HISTORY OF WOMEN’S SPORTS
  • 1941—National Tournament in golf—opposed by the National Section on Women’s Athletics
  • Industrial recreation and All-American Girls’ Professional Baseball League
history of women s sports69
HISTORY OF WOMEN’S SPORTS
  • Increased Competition
    • Olympic development thrust after defeat by Russians in 1956 and 1960 Olympic Games
    • U. S. Olympic Development Committee in 1961—"to broaden the base of participation for girls and women in Olympic sports and to provide better experiences for the skilled athlete"
    • 1963-1969—National Institutes on Girls\' Sports—to train teachers and coaches
history of women s sports70
HISTORY OF WOMEN’S SPORTS
  • 1966-1967—Commission on Intercollegiate Athletics for Women—set up by the Division of Girls and Women in Sport
    • Encourage and govern intercollegiate competition for women at all levels
    • Sanction intercollegiate events
    • Hold national tournaments—first national tournaments in track and field and in gymnastics
history of women s sports71
HISTORY OF WOMEN’S SPORTS
  • 1969—Association for Intercollegiate Athletics for Women
    • Members were colleges
    • Educational goals and purposes
  • Set standards and policies for women\'s athletics
    • NAGWS game rules
    • Separated from NAGWS in 1979
    • 39 championships in 17 sports
  • Ended June, 1982
title ix of the education amendments of 1972
TITLE IX OF THE EDUCATION AMENDMENTS OF 1972

"No person shall on the basis of sex, be excluded from participation in, be denied the benefits of, be treated differently from another person or otherwise be discriminated against in any interscholastic, intercollegiate, club or intramural athletics offered by a recipient, or no recipient shall provide athletics separately on such basis."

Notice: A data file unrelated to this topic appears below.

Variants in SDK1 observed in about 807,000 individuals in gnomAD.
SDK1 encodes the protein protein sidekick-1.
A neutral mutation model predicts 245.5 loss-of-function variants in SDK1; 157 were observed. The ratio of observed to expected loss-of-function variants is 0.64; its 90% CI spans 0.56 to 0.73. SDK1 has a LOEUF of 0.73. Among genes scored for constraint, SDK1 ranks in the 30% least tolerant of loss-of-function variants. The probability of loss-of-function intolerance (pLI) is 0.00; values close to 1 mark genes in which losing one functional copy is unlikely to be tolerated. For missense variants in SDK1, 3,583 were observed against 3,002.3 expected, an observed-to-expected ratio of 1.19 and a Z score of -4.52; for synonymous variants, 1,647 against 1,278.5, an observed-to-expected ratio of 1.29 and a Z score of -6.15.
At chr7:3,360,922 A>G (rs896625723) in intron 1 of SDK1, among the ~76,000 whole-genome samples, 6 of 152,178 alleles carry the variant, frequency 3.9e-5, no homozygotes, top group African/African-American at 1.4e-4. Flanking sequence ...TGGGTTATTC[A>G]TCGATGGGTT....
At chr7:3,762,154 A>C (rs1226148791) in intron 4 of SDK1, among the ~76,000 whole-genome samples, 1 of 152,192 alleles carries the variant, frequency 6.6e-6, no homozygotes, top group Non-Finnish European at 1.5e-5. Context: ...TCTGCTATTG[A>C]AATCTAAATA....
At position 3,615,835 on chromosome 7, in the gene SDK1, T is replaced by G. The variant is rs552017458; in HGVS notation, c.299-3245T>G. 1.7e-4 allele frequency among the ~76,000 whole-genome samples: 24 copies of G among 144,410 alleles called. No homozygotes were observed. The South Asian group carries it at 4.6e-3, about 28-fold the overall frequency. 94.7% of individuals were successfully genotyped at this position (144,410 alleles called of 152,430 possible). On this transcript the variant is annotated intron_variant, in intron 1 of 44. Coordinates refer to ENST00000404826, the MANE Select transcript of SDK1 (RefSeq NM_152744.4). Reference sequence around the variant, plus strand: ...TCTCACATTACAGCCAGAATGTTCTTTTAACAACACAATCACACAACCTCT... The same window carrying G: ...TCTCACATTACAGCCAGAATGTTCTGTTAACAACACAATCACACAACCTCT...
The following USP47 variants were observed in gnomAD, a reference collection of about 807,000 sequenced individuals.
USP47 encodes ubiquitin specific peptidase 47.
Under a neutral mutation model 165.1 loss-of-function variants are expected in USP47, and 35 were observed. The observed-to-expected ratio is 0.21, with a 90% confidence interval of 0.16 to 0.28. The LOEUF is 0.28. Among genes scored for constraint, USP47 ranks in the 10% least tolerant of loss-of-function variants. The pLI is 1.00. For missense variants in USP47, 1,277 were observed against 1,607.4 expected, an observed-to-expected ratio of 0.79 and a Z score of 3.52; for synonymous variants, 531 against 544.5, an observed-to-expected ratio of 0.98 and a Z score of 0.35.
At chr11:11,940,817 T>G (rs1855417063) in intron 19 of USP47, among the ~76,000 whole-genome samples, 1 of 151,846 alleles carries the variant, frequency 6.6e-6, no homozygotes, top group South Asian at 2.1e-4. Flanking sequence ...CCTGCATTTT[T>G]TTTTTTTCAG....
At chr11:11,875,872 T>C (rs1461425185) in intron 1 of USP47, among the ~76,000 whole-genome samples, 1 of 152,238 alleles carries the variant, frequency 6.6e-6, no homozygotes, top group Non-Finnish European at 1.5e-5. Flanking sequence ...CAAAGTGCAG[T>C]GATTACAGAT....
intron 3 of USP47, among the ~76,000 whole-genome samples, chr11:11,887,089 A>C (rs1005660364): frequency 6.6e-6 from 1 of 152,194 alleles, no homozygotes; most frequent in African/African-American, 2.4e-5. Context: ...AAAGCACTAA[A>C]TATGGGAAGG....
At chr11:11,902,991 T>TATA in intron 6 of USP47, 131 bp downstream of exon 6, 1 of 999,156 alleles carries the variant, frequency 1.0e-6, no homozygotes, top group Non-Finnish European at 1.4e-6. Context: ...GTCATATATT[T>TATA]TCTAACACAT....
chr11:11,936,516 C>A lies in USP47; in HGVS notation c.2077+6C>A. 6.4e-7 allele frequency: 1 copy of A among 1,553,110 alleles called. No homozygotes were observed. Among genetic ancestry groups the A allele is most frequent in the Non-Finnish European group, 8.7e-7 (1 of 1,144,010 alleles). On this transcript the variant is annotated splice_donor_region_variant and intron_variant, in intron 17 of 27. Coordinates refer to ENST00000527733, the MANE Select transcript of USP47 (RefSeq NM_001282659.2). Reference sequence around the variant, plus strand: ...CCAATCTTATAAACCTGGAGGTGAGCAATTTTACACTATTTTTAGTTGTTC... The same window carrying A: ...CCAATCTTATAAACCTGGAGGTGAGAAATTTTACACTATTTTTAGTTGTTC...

title ix timeline
TITLE IX TIMELINE
  • 1975—Federal government published guidelines for Title IX
  • 1976—Schools and 1978 (colleges) required to be in full compliance with Title IX
  • 1979—Congress adopted its policy interpretation of Title IX
  • 1984—United States Supreme Court ruled in Grove City College v. Bell that Title IX was applicable only to educational programs that directly received federal funding
title ix timeline74
TITLE IX TIMELINE
  • 1988—Congress passed (over presidential veto) the Civil Rights Restoration Act, which stated that Title IX applied on an institution-wide basis, including athletics
  • 1992—United States Supreme Court ruled in Franklin v. Gwinnett County Public Schools that plaintiffs could sue for compensatory and punitive damages in cases alleging intentional discrimination
title ix timeline75
TITLE IX TIMELINE
  • 1993—NCAA released the report of its Gender Equity Task Force report that showed that women comprised 35% of the varsity athletes; received 30% of the athletic grant-in-aid dollars; were allocated 17% of the recruiting dollars; received 23% of the operating budget dollars; had access to 37% of the athletic opportunities for participation
slide76

TITLE IX TIMELINE

  • 1996—Females comprised 42% of the United States Olympic team competing in Atlanta; they won 38% of the medals awarded to athletes from the United States
  • 1997—United States Supreme Court refused to grant certiorari and hear the appeal of Cohen v. Brown University, thus affirming that schools and colleges must provide varsity athletic positions for males and females matching the overall percentage of the student body
title ix timeline77
TITLE IX TIMELINE
  • 2003—Upheld the use of proportionality in the three-part test for access to participation opportunities
  • 2005—Permitted the use of a web survey to determine if there was sufficient interest to support an additional varsity team for the underrepresented sex; creates a presumption of compliance with part three of the three-part test
ad